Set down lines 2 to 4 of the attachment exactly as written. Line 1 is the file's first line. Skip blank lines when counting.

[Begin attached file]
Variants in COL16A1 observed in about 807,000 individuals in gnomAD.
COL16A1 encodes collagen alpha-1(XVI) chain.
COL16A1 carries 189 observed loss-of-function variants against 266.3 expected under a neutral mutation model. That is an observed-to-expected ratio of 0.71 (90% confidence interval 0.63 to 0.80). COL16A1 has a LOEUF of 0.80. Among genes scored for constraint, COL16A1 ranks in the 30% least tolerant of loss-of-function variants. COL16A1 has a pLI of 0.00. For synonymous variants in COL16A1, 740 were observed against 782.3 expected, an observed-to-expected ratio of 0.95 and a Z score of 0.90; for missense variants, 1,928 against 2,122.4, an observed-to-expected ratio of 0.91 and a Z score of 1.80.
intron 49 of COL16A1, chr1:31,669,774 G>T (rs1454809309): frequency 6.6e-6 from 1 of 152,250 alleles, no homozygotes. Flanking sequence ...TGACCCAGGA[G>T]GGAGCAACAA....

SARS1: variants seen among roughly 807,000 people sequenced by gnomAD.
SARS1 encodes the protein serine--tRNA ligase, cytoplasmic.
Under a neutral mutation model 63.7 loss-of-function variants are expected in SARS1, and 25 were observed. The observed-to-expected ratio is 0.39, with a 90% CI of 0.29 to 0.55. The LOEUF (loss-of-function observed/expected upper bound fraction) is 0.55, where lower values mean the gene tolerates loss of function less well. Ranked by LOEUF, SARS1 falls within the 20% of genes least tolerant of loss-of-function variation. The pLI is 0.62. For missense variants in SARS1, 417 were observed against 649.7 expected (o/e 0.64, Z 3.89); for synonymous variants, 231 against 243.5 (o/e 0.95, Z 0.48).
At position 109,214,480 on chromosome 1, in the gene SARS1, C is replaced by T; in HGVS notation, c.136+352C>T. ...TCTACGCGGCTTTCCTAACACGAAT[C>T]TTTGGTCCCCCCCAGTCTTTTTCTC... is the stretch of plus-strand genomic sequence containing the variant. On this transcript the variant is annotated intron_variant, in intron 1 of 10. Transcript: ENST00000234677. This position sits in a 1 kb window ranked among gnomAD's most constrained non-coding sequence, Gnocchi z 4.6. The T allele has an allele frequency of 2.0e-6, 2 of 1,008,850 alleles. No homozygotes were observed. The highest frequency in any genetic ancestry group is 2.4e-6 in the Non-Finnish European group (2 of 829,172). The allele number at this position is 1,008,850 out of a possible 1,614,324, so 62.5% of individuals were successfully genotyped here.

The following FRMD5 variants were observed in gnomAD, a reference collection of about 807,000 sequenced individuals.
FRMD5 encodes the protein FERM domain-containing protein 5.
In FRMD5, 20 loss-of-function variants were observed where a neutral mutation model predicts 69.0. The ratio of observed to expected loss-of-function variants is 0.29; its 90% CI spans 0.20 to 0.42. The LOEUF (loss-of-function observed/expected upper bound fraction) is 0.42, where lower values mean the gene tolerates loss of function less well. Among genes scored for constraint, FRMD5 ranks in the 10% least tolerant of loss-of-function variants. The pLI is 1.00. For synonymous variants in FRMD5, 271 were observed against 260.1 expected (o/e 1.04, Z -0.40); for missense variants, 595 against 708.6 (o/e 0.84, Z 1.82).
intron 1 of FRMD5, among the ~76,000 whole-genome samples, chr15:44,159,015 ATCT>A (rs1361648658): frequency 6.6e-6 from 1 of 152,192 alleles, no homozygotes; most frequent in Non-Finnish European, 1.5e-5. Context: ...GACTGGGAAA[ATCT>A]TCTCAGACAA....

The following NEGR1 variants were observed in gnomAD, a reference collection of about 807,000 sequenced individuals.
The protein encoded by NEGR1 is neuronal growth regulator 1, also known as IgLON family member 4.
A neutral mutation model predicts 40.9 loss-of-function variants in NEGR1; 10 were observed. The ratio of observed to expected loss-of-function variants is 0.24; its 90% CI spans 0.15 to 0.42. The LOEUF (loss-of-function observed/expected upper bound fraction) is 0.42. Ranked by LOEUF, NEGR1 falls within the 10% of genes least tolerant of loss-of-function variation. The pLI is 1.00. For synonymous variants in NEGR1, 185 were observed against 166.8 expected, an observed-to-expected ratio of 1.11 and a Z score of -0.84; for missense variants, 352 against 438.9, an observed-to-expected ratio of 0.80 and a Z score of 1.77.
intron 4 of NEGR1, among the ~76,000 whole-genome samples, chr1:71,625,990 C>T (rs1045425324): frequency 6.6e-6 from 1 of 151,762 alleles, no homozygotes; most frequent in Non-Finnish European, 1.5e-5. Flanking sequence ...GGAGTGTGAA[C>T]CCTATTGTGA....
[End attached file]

COL16A1 encodes collagen alpha-1(XVI) chain.
COL16A1 carries 189 observed loss-of-function variants against 266.3 expected under a neutral mutation model. That is an observed-to-expected ratio of 0.71 (90% confidence interval 0.63 to 0.80). COL16A1 has a LOEUF of 0.80. Among genes scored for constraint, COL16A1 ranks in the 30% least tolerant of loss-of-function variants. COL16A1 has a pLI of 0.00. For synonymous variants in COL16A1, 740 were observed against 782.3 expected, an observed-to-expected ratio of 0.95 and a Z score of 0.90; for missense variants, 1,928 against 2,122.4, an observed-to-expected ratio of 0.91 and a Z score of 1.80.
intron 49 of COL16A1, chr1:31,669,774 G>T (rs1454809309): frequency 6.6e-6 from 1 of 152,250 alleles, no homozygotes. Flanking sequence ...TGACCCAGGA[G>T]GGAGCAACAA....